Most current equipment is 802.11g. At the time this was written, the 802.11n standard was not yet finalized, although several manufacturers are presently selling “pre-n,” that is, uncertified products that are not guaranteed to work well with products from other manufacturers. (They will presumably be upgradable via software when the final specification is made, but until the standard is finalized in late 2008, buy this stuff at your own risk.)

In addition to Ethernet and wireless, there are two lesser-used wired network types that don’t require you to run new cables because they use your existing household wiring:

  • Powerline networking sends data via radio signals sent through your electrical wiring, using adapters that plug into wall outlets. Powerline networking runs at 10Mbps, which is a bit slow by today’s standards—it can take hours to back up a large hard disk over a 10Mbps connection. But it would be fine for sharing an Internet connection.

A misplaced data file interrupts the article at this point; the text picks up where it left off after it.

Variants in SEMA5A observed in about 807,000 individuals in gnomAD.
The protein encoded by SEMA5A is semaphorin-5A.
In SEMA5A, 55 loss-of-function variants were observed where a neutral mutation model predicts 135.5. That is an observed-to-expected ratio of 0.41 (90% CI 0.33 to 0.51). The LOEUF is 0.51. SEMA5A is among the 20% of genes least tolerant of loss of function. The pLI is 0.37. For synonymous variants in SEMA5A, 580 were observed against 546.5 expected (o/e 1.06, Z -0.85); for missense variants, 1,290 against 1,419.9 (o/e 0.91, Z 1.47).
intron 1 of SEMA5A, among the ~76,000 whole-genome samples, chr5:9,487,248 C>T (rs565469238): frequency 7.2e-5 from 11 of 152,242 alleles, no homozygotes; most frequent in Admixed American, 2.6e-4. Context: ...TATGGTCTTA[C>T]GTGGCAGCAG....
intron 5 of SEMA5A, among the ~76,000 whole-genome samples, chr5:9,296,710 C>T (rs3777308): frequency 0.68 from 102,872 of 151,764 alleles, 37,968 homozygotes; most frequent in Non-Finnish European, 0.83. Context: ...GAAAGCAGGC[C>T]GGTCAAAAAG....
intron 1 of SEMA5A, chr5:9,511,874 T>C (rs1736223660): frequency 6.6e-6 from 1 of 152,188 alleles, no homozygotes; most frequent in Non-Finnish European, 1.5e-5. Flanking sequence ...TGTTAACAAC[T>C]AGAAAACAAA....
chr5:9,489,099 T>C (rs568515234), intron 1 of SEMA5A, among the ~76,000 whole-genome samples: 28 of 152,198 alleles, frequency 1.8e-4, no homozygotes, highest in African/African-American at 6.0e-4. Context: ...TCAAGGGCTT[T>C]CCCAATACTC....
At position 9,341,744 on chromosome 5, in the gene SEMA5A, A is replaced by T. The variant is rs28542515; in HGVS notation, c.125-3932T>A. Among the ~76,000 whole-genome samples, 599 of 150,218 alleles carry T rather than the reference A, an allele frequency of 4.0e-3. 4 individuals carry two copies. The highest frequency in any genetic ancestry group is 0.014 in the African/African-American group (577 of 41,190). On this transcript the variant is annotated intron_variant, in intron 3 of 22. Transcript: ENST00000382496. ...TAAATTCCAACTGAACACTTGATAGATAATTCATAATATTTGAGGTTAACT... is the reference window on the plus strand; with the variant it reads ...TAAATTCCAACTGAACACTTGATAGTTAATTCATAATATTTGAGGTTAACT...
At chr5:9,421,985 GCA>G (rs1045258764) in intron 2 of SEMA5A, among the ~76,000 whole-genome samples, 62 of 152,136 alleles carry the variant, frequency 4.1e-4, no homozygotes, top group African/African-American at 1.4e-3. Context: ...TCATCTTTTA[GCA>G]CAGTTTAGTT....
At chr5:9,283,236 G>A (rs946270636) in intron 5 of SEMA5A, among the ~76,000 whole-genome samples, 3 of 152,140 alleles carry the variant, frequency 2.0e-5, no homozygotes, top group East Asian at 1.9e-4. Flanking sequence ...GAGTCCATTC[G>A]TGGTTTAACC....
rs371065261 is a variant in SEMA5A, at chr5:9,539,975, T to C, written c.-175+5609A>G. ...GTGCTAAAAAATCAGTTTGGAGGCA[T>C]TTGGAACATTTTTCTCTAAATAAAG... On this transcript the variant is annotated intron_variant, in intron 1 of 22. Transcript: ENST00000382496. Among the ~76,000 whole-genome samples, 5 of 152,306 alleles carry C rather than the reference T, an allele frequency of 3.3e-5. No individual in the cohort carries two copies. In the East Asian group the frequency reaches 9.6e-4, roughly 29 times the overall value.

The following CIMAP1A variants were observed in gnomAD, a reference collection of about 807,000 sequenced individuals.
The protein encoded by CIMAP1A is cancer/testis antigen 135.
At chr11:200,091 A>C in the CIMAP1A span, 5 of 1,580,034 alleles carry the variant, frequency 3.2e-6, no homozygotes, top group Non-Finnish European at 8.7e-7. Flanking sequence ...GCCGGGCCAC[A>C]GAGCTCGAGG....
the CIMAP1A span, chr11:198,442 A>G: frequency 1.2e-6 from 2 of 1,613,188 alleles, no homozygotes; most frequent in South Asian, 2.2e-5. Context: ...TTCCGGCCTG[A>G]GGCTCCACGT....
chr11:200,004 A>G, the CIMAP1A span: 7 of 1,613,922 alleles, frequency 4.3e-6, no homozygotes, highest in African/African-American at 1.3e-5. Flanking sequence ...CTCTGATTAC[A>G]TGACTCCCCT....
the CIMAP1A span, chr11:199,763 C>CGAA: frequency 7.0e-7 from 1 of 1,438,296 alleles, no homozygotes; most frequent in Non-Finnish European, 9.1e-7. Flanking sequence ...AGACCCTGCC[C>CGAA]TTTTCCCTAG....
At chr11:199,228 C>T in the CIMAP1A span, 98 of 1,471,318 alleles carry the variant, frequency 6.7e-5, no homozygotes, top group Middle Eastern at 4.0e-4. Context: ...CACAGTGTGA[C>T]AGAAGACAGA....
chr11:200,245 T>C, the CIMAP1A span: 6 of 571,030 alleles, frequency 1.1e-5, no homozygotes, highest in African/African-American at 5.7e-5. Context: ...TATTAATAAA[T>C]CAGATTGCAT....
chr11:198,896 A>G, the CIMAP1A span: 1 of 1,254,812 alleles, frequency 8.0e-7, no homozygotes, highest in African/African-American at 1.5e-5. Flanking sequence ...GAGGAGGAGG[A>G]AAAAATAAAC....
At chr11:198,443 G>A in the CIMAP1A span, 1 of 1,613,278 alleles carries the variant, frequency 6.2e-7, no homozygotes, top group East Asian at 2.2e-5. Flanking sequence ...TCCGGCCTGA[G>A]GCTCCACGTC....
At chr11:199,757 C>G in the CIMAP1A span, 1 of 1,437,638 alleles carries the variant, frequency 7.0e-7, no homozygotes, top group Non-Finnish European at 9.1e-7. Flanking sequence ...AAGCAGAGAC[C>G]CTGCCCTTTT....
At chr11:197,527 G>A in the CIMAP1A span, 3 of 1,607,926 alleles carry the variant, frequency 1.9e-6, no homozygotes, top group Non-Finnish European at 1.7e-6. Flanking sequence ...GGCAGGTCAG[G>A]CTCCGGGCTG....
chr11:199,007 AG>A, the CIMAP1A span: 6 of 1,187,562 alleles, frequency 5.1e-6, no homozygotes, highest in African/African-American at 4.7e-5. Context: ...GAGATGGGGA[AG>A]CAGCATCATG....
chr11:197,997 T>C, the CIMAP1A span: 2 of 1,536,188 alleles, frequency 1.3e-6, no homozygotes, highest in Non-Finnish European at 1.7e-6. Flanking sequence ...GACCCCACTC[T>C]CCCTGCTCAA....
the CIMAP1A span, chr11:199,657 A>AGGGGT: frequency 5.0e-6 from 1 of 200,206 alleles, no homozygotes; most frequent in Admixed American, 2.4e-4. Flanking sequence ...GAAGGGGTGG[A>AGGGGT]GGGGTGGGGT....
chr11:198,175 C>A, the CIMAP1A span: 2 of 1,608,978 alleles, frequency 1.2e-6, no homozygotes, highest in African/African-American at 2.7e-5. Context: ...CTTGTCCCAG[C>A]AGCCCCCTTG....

• Phoneline sends data via radio signals sent through your telephone wiring, using adapters that plug into telephone jacks. (All the jacks must be connected to the same telephone extension.) Phoneline networking also runs at relatively slow 10Mbps.

You can set up a network using any of these hardware types, and you can even mix and match the types if you want, using access points or devices called bridges to connect the different network types together. Wired Ethernet connections are the least expensive, the fastest, the easiest to set up, and the most reliable, but it can be annoying to have to run the cables around. So for example, you might use Ethernet connections to hook up several computers in close proximity, and then use a wireless access point or a powerline/Ethernet bridge to extend the network to a computer in another room.

Network Interface Adapters

Whatever type of network(s) you decide to use, you’ll need a network interface adapter for each computer. Adapters come in several forms: internal (PCI) cards for desktop computers, PCMCIA cards for laptops, and USB adapters for either desktops or laptops. I’ll briefly discuss each adapter type here: